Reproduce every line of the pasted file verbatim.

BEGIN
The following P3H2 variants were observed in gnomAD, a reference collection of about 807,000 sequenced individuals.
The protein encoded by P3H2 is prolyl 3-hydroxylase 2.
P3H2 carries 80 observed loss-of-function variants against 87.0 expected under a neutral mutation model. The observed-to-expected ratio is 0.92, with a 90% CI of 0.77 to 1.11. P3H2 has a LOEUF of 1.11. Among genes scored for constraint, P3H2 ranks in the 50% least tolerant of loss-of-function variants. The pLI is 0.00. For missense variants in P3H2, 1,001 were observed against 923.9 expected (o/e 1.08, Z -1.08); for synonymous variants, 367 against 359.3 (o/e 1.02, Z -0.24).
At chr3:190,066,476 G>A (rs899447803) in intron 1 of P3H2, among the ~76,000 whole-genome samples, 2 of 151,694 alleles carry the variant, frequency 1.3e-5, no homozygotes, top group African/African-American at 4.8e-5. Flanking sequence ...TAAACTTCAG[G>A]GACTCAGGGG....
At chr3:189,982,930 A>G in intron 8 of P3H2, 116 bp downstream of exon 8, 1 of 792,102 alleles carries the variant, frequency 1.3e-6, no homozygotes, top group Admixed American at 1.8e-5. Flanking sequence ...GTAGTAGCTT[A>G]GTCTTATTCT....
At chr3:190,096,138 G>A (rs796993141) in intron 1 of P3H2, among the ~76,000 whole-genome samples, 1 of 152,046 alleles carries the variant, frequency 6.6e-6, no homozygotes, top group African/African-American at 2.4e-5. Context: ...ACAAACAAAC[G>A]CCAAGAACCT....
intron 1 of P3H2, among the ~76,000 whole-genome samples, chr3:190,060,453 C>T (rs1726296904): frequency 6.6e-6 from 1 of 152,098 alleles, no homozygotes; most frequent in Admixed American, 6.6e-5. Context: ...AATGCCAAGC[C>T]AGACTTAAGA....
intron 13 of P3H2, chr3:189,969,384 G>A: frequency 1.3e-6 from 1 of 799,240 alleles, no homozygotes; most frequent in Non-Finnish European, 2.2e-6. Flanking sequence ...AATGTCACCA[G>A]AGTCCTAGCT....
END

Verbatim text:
The following P3H2 variants were observed in gnomAD, a reference collection of about 807,000 sequenced individuals.
The protein encoded by P3H2 is prolyl 3-hydroxylase 2.
P3H2 carries 80 observed loss-of-function variants against 87.0 expected under a neutral mutation model. The observed-to-expected ratio is 0.92, with a 90% CI of 0.77 to 1.11. P3H2 has a LOEUF of 1.11. Among genes scored for constraint, P3H2 ranks in the 50% least tolerant of loss-of-function variants. The pLI is 0.00. For missense variants in P3H2, 1,001 were observed against 923.9 expected (o/e 1.08, Z -1.08); for synonymous variants, 367 against 359.3 (o/e 1.02, Z -0.24).
At chr3:190,066,476 G>A (rs899447803) in intron 1 of P3H2, among the ~76,000 whole-genome samples, 2 of 151,694 alleles carry the variant, frequency 1.3e-5, no homozygotes, top group African/African-American at 4.8e-5. Flanking sequence ...TAAACTTCAG[G>A]GACTCAGGGG....
At chr3:189,982,930 A>G in intron 8 of P3H2, 116 bp downstream of exon 8, 1 of 792,102 alleles carries the variant, frequency 1.3e-6, no homozygotes, top group Admixed American at 1.8e-5. Flanking sequence ...GTAGTAGCTT[A>G]GTCTTATTCT....
At chr3:190,096,138 G>A (rs796993141) in intron 1 of P3H2, among the ~76,000 whole-genome samples, 1 of 152,046 alleles carries the variant, frequency 6.6e-6, no homozygotes, top group African/African-American at 2.4e-5. Context: ...ACAAACAAAC[G>A]CCAAGAACCT....
intron 1 of P3H2, among the ~76,000 whole-genome samples, chr3:190,060,453 C>T (rs1726296904): frequency 6.6e-6 from 1 of 152,098 alleles, no homozygotes; most frequent in Admixed American, 6.6e-5. Context: ...AATGCCAAGC[C>T]AGACTTAAGA....
intron 13 of P3H2, chr3:189,969,384 G>A: frequency 1.3e-6 from 1 of 799,240 alleles, no homozygotes; most frequent in Non-Finnish European, 2.2e-6. Flanking sequence ...AATGTCACCA[G>A]AGTCCTAGCT....